This collaboration aims to leverage tokenization technology to streamline financial processes and enhance global economic development, Reuters reported Tuesday (Nov. 28).
Tokenization involves converting traditional financial assets into unique digital tokens, enabling faster and more efficient transactions, according to the report. The partnership also includes Switzerland’s central bank, which has been at the forefront of tokenization initiatives.
The initial focus of the IMF, World Bank, BIS and Switzerland’s central bank collaboration is to simplify paper-based processes involved in supporting poorer regions of the world, the report said.
Specifically, the partnership aims to tokenize the “promissory notes” used when richer countries donate to the World Bank’s funds, per the report. By digitizing these notes, the transfer of funds can be expedited, ensuring that development money reaches emerging and developing economies in a more timely manner.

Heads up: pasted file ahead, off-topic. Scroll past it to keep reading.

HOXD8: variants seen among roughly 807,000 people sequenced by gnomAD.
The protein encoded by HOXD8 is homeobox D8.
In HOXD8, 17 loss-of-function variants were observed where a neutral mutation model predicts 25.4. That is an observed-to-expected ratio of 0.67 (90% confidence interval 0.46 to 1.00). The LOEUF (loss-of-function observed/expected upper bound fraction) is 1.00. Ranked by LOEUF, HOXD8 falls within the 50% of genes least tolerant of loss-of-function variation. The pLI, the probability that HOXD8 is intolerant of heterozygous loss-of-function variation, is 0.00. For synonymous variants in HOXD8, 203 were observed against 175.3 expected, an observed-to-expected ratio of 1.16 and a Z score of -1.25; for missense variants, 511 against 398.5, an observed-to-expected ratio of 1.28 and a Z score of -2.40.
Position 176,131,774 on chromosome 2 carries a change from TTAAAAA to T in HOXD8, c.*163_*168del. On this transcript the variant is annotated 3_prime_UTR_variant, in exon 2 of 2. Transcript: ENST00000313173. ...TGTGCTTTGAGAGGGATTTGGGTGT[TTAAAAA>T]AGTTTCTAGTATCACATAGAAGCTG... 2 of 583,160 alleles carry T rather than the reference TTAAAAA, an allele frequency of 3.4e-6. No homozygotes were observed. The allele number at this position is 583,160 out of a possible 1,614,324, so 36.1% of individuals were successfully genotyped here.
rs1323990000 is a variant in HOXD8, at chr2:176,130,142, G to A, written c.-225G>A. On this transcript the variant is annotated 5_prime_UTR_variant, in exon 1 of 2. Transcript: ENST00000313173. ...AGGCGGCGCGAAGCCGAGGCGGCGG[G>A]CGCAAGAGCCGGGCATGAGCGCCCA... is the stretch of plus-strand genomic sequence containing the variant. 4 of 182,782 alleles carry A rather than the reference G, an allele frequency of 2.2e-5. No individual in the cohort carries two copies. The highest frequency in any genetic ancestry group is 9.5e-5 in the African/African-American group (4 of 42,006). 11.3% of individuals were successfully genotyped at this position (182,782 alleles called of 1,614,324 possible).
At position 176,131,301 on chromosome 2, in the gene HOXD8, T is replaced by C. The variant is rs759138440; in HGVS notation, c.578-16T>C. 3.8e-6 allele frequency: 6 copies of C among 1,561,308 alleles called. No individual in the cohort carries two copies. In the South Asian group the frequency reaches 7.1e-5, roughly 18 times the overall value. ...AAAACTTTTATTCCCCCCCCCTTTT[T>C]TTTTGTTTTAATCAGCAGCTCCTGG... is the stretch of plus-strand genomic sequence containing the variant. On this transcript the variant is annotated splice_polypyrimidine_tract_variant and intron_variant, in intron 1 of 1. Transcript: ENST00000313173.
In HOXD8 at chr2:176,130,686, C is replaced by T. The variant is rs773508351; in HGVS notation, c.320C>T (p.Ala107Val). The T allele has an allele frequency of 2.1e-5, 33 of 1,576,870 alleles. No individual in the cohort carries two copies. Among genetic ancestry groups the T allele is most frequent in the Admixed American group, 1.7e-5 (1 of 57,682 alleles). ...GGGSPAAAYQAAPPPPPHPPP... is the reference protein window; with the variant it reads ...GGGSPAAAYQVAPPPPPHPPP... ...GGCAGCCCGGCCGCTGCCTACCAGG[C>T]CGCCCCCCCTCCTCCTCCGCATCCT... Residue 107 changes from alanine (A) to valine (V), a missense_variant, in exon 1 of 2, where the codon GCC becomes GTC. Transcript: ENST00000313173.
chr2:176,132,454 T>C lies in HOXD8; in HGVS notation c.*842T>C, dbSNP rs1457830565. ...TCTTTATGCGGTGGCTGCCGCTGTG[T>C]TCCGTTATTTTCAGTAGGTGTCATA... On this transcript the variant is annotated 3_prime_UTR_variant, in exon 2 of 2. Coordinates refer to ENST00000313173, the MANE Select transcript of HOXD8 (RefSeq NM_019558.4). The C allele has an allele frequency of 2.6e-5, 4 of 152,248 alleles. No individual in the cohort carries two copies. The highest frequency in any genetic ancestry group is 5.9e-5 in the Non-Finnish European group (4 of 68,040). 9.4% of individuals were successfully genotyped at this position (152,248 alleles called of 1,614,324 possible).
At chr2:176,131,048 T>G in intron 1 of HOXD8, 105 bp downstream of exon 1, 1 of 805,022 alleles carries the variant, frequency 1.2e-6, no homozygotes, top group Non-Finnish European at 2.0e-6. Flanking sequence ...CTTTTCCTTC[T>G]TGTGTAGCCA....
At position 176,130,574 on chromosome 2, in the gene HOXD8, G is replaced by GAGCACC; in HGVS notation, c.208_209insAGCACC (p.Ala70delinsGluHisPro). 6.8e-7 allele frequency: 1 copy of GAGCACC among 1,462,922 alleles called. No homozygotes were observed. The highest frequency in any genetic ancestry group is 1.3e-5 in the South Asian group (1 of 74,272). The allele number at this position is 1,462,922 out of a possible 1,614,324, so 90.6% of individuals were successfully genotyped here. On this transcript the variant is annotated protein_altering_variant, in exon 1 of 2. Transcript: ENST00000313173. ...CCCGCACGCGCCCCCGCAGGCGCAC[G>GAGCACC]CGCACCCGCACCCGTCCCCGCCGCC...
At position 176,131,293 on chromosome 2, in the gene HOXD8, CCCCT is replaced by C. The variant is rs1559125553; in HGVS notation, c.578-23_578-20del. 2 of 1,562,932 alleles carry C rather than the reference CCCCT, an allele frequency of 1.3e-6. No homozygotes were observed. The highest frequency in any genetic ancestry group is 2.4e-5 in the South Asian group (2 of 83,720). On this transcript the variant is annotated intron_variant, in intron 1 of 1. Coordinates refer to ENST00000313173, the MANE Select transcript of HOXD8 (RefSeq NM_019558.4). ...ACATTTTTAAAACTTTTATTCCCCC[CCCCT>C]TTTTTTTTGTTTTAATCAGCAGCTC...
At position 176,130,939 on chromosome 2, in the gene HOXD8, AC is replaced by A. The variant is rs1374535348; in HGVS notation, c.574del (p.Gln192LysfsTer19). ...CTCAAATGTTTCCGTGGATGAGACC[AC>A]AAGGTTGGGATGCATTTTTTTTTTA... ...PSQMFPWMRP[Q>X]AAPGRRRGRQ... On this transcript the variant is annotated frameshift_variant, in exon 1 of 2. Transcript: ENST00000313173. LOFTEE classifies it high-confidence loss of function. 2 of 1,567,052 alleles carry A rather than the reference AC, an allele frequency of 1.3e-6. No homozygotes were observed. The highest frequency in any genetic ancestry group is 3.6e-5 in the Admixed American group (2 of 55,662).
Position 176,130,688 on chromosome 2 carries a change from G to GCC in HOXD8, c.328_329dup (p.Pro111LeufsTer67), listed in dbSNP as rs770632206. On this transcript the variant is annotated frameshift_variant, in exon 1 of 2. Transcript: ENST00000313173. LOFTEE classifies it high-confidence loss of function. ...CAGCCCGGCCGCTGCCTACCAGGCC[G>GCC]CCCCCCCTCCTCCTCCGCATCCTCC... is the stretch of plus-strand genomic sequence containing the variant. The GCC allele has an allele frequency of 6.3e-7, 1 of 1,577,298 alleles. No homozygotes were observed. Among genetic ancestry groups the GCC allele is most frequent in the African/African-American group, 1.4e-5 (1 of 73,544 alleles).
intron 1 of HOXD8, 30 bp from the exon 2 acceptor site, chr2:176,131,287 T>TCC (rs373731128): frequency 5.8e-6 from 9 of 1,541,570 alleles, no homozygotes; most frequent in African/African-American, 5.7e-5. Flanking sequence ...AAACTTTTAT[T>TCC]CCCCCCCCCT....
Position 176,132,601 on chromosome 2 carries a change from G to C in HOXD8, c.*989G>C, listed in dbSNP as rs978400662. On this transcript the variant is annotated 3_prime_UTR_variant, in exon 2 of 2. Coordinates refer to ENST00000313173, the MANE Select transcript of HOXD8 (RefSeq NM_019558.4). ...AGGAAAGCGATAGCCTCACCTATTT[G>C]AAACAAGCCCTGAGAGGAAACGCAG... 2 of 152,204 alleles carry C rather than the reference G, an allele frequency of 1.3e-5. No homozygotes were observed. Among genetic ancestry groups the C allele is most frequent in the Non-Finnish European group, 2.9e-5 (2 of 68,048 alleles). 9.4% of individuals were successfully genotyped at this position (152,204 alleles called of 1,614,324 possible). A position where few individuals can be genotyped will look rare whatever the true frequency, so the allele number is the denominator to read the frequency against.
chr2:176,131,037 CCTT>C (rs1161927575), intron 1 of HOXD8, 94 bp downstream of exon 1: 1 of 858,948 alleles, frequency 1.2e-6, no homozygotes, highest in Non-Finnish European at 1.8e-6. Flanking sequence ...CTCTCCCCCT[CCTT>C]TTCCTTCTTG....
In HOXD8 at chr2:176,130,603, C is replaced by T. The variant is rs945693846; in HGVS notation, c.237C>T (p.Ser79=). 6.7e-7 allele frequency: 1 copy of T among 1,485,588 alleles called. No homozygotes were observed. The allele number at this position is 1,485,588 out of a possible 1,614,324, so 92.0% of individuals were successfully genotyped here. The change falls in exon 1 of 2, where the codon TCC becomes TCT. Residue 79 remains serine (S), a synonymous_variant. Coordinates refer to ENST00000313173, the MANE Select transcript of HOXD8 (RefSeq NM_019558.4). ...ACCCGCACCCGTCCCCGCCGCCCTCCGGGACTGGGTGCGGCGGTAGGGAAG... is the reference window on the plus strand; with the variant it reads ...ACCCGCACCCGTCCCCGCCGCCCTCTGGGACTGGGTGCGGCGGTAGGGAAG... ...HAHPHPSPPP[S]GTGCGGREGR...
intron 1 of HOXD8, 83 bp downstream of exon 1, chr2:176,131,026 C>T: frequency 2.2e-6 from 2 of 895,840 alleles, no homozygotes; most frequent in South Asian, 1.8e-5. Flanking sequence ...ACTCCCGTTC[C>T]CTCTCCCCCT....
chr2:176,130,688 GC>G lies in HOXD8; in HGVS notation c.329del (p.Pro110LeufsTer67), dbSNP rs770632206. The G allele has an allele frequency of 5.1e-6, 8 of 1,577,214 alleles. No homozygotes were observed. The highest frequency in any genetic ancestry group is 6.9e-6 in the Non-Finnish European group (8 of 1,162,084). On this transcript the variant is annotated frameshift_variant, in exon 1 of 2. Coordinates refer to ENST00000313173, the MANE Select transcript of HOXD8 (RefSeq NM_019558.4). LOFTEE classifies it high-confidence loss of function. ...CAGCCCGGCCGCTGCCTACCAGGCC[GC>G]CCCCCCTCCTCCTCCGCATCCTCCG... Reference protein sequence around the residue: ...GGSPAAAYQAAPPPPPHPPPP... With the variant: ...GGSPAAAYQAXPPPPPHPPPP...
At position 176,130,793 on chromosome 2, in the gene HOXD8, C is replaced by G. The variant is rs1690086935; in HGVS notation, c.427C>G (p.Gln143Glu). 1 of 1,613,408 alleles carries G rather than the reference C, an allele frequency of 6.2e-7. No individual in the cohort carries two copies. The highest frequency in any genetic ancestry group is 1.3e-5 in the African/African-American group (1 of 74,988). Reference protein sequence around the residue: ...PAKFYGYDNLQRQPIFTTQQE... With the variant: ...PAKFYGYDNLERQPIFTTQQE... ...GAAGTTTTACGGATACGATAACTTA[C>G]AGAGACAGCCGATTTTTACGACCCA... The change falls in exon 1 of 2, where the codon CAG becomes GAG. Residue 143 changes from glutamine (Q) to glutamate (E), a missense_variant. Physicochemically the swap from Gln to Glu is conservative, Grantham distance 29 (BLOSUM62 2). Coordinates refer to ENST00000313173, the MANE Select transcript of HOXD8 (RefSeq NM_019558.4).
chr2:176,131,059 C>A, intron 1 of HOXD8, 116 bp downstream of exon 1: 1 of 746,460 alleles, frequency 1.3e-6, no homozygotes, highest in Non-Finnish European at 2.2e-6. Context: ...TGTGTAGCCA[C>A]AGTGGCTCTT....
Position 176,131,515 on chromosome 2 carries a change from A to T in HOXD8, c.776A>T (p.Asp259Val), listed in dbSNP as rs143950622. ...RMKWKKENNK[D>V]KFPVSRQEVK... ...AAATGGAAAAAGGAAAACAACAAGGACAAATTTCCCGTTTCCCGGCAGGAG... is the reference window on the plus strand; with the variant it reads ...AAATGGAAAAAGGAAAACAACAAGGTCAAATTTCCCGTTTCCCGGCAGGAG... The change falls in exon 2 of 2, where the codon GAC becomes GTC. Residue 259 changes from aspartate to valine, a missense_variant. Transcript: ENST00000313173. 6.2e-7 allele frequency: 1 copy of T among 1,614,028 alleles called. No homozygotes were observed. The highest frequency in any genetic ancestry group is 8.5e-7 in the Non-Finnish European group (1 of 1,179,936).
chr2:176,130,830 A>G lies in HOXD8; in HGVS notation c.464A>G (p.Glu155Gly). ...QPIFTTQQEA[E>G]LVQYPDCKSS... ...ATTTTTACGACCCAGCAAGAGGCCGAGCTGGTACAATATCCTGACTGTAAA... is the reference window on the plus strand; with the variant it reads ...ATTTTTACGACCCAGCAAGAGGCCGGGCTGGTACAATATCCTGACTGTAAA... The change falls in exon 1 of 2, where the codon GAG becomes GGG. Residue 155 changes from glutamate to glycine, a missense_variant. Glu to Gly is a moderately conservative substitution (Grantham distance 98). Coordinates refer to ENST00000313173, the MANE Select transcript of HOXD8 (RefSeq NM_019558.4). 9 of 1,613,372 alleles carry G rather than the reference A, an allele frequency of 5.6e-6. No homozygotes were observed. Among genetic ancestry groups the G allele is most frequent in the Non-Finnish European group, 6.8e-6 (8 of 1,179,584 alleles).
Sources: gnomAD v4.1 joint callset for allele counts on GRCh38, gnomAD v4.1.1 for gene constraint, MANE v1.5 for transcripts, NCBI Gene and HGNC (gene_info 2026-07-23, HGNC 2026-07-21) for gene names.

Tokenization also presents an opportunity to encode policy and regulatory requirements into a common protocol, according to the report. By embedding these rules into the tokenization process, the collaboration aims to address challenges such as international money laundering.
The collaboration also touches upon the emergence of central bank digital currencies (CBDCs), the report said. As CBDCs gain traction worldwide, there is a growing need for global standards and technology compatibility to ensure seamless interoperability with existing payment systems.
It was reported in October that the BIS, central banks and traditional financial institutions are in the midst of tackling various ways and means of creating and using tokenized bank deposits.
For example, the BIS is working with central banks to launch Project Mandala, which “seeks to ease the policy and regulatory compliance burden by automating compliance procedures” and would do so for both CBDCs and tokenized deposits, PYMNTS reported at the time.
In addition, the Bank of Korea is conducting a pilot in partnership with the BIS and other banks to test the feasibility of a wholesale CBDC used in the settlement of commercial bank tokenized deposits, and the programmability of those deposits.